·       Timings: Have you booked the venue for a sufficient amount of time to allow for setting-up and clearing away after the event too? Will you need additional volunteers to help ease this process if not?

·       Performers: Check what they expect you to provide and how long they will need to get ready either side of their show.

·       Weather: In Britain this is a given, but it is worth stating that you cannot trust the weather to be the same from one minute to the next. What impact will the weather have on an event (especially an outdoor one) and can you provide any shelter at the venue?


5.       Share the work.

This applies mainly to larger events as you may want to form a working group to manage all the various aspects of organisation. Planning all the dates and deadlines in advance as a group and agreeing to share responsibilities means that you are less likely to find that one or two people will be burdened with more than they can manage. Small groups could look at individual aspects of planning, for example marketing, safety, licensing and so on – however, if you do have separate groups, you’ll need a designated core contact to oversee all the various aspects to ensure that they tie in together.

6.       Risk assessments.

We strongly recommend you carry out a risk assessment to ensure the safety and security of everyone attending your event. Don’t worry – this is not a complicated process! You only need to think about some practical and common-sense issues that might arise and how you’ll prevent or deal with them. To learn more about drafting a simple risk assessment see our blog post here which offers a worked example and get in touch if you’d like an easy to use template that you can download and adapt. Bear in mind as part of your assessment that certain size events may require a First Aider to be on site – you are best to check this with your local authority.

7.       Boosting attendance.

Avoid clashing with other events happening locally – reach out to other groups, community and voluntary support agencies and the local council for more information before you set a date. This is also a great opportunity to ask them to get involved and/or share their expertise, they may know of a more suitable venue or another event you can piggy-back onto, it is always worth asking.

Plan well in advance and allow for longer lead-in times to advertise the event. If you are waiting on confirmation of details for the event (e.g. performers, activities, catering options etc) you can still start promoting an event. The main details you need to get across as early as possible are:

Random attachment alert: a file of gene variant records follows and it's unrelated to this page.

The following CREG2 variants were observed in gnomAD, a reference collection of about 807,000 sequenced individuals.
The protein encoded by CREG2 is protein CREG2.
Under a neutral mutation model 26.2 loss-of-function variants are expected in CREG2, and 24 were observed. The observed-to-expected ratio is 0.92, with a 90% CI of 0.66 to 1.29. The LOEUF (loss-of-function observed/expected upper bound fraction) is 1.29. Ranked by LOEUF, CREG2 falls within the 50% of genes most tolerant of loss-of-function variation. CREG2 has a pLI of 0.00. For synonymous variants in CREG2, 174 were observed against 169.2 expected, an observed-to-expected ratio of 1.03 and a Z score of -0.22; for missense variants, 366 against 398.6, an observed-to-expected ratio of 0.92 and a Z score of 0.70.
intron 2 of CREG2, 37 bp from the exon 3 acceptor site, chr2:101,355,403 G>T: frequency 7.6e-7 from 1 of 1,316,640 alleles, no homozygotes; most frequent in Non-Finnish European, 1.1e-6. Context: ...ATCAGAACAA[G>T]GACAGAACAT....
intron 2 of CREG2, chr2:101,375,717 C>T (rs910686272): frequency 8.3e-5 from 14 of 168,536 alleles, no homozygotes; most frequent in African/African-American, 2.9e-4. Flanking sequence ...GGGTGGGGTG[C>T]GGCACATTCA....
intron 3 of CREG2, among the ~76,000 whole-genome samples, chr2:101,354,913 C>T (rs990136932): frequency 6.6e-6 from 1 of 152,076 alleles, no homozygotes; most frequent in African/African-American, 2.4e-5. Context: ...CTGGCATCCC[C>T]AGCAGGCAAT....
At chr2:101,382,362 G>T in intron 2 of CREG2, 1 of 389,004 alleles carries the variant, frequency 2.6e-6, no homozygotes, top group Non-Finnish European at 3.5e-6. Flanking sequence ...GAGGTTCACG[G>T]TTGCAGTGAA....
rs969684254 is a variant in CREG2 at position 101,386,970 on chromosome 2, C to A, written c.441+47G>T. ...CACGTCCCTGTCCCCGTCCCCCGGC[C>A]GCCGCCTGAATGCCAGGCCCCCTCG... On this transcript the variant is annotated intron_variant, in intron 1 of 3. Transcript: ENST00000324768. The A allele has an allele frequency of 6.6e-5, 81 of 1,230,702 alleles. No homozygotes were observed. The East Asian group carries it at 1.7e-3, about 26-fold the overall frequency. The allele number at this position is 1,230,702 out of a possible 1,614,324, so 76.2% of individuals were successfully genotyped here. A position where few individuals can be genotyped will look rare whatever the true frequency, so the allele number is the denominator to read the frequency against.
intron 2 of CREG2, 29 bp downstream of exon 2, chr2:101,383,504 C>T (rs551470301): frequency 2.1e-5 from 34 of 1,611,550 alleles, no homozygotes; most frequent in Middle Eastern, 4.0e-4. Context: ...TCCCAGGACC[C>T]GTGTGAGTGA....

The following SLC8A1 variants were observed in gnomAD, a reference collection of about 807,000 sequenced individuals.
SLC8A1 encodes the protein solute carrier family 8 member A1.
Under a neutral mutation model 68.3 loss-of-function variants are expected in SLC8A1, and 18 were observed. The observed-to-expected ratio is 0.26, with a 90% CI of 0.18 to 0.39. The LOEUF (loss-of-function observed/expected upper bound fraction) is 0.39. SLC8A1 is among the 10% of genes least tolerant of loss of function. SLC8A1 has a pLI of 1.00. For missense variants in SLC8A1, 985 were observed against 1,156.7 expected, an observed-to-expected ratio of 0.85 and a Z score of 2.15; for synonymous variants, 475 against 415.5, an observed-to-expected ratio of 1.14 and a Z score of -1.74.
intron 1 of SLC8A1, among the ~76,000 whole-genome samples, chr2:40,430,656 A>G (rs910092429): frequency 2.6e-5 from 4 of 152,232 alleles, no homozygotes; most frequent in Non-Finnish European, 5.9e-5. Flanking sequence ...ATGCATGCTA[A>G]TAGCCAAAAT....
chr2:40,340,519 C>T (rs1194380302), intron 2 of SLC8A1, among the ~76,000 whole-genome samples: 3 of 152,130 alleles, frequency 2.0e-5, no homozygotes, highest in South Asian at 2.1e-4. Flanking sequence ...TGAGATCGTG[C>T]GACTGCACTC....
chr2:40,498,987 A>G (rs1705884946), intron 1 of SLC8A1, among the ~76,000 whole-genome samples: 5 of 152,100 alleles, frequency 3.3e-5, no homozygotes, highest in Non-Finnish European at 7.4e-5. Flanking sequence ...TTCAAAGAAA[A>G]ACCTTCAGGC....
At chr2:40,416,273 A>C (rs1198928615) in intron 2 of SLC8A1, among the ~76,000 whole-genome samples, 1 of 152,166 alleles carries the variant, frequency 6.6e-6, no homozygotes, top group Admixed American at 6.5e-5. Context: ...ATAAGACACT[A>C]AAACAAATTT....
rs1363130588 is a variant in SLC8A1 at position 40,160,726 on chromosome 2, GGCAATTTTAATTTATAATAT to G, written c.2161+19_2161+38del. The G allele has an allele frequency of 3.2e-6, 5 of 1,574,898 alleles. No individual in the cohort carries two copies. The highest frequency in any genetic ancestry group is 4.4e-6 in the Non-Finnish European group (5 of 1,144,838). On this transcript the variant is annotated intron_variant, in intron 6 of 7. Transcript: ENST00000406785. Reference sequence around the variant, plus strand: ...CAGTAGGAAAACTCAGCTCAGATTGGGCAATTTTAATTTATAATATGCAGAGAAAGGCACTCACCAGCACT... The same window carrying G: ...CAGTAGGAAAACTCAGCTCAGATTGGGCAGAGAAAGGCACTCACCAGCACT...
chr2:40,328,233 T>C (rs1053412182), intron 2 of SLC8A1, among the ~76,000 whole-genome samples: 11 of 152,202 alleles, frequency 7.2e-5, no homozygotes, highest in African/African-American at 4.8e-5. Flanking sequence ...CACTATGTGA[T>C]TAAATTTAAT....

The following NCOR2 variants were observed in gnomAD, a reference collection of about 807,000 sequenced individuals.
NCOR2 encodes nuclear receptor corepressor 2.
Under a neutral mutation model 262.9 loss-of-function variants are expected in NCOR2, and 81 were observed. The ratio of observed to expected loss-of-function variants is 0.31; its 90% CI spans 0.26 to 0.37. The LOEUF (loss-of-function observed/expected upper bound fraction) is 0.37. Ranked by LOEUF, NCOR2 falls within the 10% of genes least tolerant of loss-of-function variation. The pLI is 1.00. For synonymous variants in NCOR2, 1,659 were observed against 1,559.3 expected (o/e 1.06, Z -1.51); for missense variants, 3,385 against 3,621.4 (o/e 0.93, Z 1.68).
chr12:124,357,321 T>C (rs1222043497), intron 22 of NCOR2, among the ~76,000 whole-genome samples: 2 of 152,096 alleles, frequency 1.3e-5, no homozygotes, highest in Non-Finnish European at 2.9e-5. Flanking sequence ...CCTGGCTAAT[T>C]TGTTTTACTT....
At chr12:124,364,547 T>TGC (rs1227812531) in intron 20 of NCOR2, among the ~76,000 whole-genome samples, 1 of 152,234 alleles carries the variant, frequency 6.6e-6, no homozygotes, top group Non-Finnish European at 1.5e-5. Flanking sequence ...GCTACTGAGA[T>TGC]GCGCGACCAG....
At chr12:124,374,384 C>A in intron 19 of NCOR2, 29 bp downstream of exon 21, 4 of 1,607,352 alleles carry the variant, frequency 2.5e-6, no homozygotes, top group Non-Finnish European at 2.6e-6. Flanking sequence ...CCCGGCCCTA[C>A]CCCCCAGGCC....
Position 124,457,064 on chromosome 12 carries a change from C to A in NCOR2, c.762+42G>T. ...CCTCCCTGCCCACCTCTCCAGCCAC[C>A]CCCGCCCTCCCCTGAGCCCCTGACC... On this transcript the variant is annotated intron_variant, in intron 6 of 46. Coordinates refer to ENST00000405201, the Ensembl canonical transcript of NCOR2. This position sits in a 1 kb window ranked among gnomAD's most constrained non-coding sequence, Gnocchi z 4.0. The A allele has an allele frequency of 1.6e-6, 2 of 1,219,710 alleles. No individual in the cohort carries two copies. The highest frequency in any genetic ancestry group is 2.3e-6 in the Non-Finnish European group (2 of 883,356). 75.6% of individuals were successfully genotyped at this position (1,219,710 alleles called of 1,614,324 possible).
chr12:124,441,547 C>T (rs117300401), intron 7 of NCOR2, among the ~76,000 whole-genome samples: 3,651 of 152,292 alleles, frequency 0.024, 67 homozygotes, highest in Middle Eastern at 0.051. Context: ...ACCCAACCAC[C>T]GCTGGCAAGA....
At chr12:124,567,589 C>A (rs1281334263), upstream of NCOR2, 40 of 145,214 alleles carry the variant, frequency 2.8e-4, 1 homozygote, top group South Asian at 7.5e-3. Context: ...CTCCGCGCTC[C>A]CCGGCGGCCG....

·         Date and time

·         Venue

·         Purpose

·         Organisation(s) involved

·         Price for admission

·         Mention that more information will follow and how to keep in touch for more details

If you can produce publicity materials that act as a “Save the Date” you are at least ensuring that you are marking out that date well in advance, any additional details can be added later. You can also use this early stage promotion as an opportunity to appeal for people who want to be involved in running the event too.

Don’t be afraid to get in touch with local press contacts and let them know about the event well in advance. They might be willing to appeal for assistants on your behalf or to cover the event on the day to review the activity. Even if they cannot attend the event, submit a press release before and after telling them about the event and how it was received. Include images if possible, and try and make sure that the press release is as well written as possible – make the journalists job easier and they will be more likely to include your information. Some members of the press may be willing to get involved in other ways too, for example, a local radio personality might be willing to act as an auctioneer at an event.

8.       Permission and licences.